Since it is generally accepted that endometrial fibrosis increases with age [5, 18, 19], we hypothesize that older mares could show altered local immune modulation, initiating a pro-inflammatory and tissue remodeling cascade of events that could eventually lead to endometrosis. Ricketts and Alonso [6] reported that animals with mean age of 9 years showed no signs of endometrial fibrosis, while others considered an average of 11 years as the line between healthy and first grade-affected mares [17, 18].

The aim of this study indeed is to evaluate and describe the local expression of genes involved in acute inflammatory response and fibrosis (COL1A1, COL3A1, TNFA, MMP9, IL6, TGFB1 and TGFBR1), together with genes associated to immune modulation (Defensin-β 4B (DEFB4B), IDO1 and FOXP3), in uterine specimens from mares of different age.

Results

At the end of the breeding season, 10 out of 15 mares from G1 (66.7%) and 6 out of 10 mares in G2 (60.0%) were pregnant. Two out of 5 non pregnant mares from G1 were inseminated twice; after negative check, the Owner decided not to inseminate again. In G2, one mare had pregnancy loss at the end of the first semester and even if the animal was inseminated again, no new pregnancy was diagnosed. The remaining three were not pregnant at the end of the breeding season. All mares which were pregnant at the end of the breeding season had normal foaling.

Histology evaluation

In Fig. 1 histology findings of uterine biopsies, as representative of G1 and G2 are shown. In G1 mares (Fig. 1 a, b, c), periglandular fibrosis was observed in 13 cases, namely 9 and 4 cases of grades I and II of fibrosis, respectively. Fibrosis of grade III was totally absent. Periglandular fibrosis of grades I and II was associated to a mild glandular cystic dilation in 2 cases for each grade. The presence of Alcian blue-positive material in extracellular matrix was detected in 14 cases; for instance, mild (10 cases), moderate (3 cases) and abundant (1 cases). Periodic Acid-Shiff (PAS) positive material was detected in the glandular lumen in 8 cases, from mild (3 cases) to moderate (1 case) and abundant (4 cases).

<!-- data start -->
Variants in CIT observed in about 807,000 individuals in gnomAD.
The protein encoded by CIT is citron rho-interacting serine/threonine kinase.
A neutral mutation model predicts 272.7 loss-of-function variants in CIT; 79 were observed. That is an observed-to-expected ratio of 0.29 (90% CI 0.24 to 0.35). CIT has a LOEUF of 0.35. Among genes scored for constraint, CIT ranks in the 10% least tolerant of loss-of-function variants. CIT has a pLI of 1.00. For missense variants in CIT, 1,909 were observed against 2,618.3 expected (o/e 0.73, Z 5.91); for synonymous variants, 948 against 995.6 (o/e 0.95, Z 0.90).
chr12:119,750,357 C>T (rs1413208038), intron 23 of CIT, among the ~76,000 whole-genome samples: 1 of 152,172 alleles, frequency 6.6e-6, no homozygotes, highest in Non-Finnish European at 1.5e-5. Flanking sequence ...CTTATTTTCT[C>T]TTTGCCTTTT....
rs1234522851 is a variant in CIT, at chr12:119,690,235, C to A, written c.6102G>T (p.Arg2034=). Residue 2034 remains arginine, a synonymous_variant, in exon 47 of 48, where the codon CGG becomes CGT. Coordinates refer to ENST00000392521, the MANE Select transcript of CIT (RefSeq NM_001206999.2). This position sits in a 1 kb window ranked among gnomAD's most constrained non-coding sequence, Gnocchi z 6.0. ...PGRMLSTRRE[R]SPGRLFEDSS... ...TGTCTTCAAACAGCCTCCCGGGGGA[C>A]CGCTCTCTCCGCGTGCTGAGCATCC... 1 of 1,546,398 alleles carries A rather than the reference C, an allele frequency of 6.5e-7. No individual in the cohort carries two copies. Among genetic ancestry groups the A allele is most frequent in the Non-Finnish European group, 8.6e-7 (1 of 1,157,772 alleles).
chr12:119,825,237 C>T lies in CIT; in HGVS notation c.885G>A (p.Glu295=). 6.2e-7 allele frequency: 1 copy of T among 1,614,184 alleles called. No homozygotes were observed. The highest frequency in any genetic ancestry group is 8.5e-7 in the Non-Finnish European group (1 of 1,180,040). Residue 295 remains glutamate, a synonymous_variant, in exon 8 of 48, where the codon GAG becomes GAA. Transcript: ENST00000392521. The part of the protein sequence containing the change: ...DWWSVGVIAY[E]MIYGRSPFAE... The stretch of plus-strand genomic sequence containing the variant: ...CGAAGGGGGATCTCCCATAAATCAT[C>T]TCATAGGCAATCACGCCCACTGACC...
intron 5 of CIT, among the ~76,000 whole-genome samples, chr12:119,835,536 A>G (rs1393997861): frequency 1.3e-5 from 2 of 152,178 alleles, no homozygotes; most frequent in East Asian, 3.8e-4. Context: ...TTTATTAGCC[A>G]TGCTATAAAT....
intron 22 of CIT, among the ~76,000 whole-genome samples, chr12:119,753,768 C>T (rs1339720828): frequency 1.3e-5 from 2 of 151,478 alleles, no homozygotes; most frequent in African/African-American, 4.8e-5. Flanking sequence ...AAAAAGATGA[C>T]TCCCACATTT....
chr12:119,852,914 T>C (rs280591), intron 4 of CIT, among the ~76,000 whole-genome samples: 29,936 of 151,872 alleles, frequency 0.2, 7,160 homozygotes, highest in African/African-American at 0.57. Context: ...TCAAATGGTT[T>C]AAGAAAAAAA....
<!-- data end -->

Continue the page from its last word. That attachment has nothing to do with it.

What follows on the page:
Fig. 1
figure1

Histological findings of endometrial biopsies. (A-C) Group 1. (A) abundant mucopolysaccharide extracellular matrix (Alcian blue, 40x), (B) PAS-positive material in the glandular lumen (PAS, 40x); (C) Interstitial lymphomonocytic infiltration in the lamina propria of endometrium (H&E, 40x); (D-F) Group 2. (D) Endometriosis of grade II characterized by 4–10 cell layers thick fibrosis (H&E, 40x); (E) focal deposit of mucopolysaccharide extracellular matrix (Alcian blue, 40x); scattered glands showing intraluminal PAS-positive material in the glandular lumen (PAS, 40x)

Inflammation was observed in 10 out of 15 cases, that is mild (2 cases), to moderate (3 cases) and severe (5 case). In all the cases it consisted in lymphoplasmacytic infiltration (chronic form).